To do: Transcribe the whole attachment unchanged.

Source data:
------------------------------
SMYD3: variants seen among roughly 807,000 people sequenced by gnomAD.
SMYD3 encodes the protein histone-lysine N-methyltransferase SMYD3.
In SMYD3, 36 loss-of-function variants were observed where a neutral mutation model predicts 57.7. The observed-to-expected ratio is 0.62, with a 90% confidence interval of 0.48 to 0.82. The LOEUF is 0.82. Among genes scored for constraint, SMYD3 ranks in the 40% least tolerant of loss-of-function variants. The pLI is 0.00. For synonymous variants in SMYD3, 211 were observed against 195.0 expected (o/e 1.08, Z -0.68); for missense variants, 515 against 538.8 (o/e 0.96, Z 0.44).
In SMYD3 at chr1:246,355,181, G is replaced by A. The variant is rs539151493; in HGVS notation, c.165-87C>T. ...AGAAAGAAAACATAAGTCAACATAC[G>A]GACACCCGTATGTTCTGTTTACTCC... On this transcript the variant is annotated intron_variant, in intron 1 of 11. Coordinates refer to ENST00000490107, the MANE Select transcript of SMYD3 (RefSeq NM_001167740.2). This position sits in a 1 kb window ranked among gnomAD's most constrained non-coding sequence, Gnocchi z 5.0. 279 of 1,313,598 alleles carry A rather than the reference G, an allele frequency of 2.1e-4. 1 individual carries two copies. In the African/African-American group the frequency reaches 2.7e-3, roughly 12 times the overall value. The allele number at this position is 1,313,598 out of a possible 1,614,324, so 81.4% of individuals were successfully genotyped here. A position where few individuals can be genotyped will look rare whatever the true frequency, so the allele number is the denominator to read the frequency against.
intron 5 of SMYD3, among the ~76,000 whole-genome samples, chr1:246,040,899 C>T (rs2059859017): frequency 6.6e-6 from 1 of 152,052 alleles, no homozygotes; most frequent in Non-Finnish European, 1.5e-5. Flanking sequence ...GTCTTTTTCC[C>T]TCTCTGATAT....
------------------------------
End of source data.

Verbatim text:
SMYD3: variants seen among roughly 807,000 people sequenced by gnomAD.
SMYD3 encodes the protein histone-lysine N-methyltransferase SMYD3.
In SMYD3, 36 loss-of-function variants were observed where a neutral mutation model predicts 57.7. The observed-to-expected ratio is 0.62, with a 90% confidence interval of 0.48 to 0.82. The LOEUF is 0.82. Among genes scored for constraint, SMYD3 ranks in the 40% least tolerant of loss-of-function variants. The pLI is 0.00. For synonymous variants in SMYD3, 211 were observed against 195.0 expected (o/e 1.08, Z -0.68); for missense variants, 515 against 538.8 (o/e 0.96, Z 0.44).
In SMYD3 at chr1:246,355,181, G is replaced by A. The variant is rs539151493; in HGVS notation, c.165-87C>T. ...AGAAAGAAAACATAAGTCAACATAC[G>A]GACACCCGTATGTTCTGTTTACTCC... On this transcript the variant is annotated intron_variant, in intron 1 of 11. Coordinates refer to ENST00000490107, the MANE Select transcript of SMYD3 (RefSeq NM_001167740.2). This position sits in a 1 kb window ranked among gnomAD's most constrained non-coding sequence, Gnocchi z 5.0. 279 of 1,313,598 alleles carry A rather than the reference G, an allele frequency of 2.1e-4. 1 individual carries two copies. In the African/African-American group the frequency reaches 2.7e-3, roughly 12 times the overall value. The allele number at this position is 1,313,598 out of a possible 1,614,324, so 81.4% of individuals were successfully genotyped here. A position where few individuals can be genotyped will look rare whatever the true frequency, so the allele number is the denominator to read the frequency against.
intron 5 of SMYD3, among the ~76,000 whole-genome samples, chr1:246,040,899 C>T (rs2059859017): frequency 6.6e-6 from 1 of 152,052 alleles, no homozygotes; most frequent in Non-Finnish European, 1.5e-5. Flanking sequence ...GTCTTTTTCC[C>T]TCTCTGATAT....